Running the economic development office of a local jurisdiction with all the resources of Howard County is a job probably any business leader with ambition and vision would love to have.
The man who has it, as of this week, is Richard W. Story, a 48-year-old Reisterstown resident who has held economic development posts in both the public and private sectors around the Baltimore area since 1979.
It's not hard to see why the Howard development job would be desirable. The county has a great deal going for it, including a prime location in the region and a well-educated, highly-paid populace.
Yet Mr. Story will surely find that his new role poses a number of challenges. For starters, he must act quickly to establish the kind of presence and commitment that would soothe the citizens, politicians and business people who worry that the office is unstable after changing directors twice in nine months.
Mr. Story will also have to oversee his office's transition next March to an economic development "authority" funded by private donations and public grants as well as by tax dollars. The authority will aim especially to spur enough commercial growth to meet County Executive Charles Ecker's goal of shifting more of the local tax burden from residents to businesses.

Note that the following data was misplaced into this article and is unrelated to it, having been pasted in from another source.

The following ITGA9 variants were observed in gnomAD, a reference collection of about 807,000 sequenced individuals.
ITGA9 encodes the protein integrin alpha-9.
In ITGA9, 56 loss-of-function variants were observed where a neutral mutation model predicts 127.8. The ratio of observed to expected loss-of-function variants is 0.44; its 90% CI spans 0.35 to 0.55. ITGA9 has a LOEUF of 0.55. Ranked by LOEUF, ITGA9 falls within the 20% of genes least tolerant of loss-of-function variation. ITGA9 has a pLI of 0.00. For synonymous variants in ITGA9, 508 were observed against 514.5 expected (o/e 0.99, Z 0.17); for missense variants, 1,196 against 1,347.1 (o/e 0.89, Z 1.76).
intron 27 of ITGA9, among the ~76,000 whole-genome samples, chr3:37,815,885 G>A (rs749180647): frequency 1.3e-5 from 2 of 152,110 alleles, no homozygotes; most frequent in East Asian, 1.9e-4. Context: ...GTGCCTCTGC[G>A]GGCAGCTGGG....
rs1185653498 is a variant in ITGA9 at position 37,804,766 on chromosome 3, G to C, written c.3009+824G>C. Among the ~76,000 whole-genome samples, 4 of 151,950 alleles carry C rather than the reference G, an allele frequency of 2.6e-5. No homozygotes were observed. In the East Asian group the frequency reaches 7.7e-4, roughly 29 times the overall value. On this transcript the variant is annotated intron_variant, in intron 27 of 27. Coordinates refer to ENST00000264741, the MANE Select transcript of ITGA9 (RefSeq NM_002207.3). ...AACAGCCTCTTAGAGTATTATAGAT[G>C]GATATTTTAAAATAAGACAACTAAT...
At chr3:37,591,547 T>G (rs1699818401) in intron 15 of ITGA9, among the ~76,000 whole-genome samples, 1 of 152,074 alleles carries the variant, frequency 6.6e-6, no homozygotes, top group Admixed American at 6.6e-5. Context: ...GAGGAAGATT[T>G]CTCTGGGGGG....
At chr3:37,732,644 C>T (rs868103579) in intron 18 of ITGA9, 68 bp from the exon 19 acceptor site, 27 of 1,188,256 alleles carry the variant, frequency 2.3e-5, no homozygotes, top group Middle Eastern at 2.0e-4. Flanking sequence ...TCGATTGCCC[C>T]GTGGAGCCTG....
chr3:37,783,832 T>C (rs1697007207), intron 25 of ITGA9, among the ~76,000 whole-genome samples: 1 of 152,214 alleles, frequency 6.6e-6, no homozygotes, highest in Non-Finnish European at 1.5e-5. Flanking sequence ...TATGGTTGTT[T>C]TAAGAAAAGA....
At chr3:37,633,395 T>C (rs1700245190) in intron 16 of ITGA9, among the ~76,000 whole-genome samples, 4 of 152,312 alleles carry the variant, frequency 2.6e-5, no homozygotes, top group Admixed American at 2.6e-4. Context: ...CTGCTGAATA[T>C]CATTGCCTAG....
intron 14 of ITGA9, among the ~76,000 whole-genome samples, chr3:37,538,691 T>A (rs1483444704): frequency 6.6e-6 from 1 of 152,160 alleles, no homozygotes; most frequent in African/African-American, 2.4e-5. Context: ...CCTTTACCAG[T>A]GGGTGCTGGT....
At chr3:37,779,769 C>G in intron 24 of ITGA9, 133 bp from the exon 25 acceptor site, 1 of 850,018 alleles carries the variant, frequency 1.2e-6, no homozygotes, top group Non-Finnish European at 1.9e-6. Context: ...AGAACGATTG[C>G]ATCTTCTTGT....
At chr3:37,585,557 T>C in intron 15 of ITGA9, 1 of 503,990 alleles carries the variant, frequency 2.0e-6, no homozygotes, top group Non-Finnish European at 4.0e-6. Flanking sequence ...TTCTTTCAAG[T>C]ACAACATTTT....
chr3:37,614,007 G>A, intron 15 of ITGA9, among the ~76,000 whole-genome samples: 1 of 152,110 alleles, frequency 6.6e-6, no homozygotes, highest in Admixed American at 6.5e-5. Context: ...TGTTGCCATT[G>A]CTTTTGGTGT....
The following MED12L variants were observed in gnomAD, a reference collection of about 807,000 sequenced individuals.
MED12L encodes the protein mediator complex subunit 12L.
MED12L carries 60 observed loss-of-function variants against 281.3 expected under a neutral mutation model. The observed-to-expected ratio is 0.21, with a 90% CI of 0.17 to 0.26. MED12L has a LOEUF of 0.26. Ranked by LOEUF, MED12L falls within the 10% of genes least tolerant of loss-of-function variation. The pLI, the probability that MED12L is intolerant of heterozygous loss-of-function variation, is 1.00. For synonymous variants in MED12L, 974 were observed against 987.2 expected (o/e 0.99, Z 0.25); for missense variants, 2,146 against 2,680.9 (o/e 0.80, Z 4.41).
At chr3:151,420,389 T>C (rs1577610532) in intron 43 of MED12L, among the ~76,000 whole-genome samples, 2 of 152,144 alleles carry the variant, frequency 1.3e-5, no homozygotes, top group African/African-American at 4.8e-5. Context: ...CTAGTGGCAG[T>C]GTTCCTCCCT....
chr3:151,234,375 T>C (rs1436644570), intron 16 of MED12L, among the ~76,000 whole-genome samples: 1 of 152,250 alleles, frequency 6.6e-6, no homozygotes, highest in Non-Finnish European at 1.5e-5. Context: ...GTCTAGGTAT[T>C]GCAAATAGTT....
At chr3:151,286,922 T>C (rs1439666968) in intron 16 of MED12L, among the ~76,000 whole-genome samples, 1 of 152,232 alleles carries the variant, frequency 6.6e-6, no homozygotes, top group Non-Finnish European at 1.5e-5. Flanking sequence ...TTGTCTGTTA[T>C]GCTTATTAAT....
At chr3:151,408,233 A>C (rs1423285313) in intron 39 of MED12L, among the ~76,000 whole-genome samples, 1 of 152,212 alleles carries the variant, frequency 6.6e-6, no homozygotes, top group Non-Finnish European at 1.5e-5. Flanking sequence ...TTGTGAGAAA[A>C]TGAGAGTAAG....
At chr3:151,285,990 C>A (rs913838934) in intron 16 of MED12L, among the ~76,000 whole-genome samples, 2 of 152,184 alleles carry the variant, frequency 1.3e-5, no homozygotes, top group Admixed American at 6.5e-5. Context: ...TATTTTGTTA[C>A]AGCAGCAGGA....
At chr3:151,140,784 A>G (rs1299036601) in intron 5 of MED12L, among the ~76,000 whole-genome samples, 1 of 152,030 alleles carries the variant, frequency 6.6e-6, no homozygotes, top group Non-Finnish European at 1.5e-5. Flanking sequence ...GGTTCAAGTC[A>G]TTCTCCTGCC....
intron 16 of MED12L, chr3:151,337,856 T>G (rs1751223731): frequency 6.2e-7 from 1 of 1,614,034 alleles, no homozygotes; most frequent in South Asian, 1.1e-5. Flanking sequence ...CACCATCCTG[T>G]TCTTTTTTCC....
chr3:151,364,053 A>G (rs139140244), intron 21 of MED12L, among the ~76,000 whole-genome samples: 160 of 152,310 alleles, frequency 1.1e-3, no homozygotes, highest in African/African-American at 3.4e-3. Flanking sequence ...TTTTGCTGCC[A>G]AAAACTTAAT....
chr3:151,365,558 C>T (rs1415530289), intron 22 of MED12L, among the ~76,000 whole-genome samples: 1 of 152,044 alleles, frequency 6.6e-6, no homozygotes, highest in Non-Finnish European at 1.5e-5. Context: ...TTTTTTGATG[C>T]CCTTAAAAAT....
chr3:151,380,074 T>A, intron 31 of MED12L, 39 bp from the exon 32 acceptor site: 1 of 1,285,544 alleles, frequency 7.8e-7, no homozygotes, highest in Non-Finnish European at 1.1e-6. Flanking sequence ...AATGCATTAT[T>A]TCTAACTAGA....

That sounds sensible. But as they begin this new direction, Mr. Story and other officials must take pains to strike a balance between carefully planned growth that benefits the county and the kind of rapacious, uncontrolled growth that can end up doing harm.
More immediately, Mr. Story will be involved in the continuing negotiations with Coca-Cola Enterprises over land acquisition for a waste-water treatment facility abutting Coke's planned bottling and syrup plant in Dorsey. This project of major importance to both the state and the county will have to he handled delicately to ensure success.
Another possible challenge for the new development czar is the limited staff and budget with which he will work. That means he'll be more directly involved in boosting existing Howard businesses and landing new ones for the county than he otherwise might have been.
A desirable job, yes, in a desirable jurisdiction, but one with challenges that must be surmounted if Howard is to continue moving forward in economic development.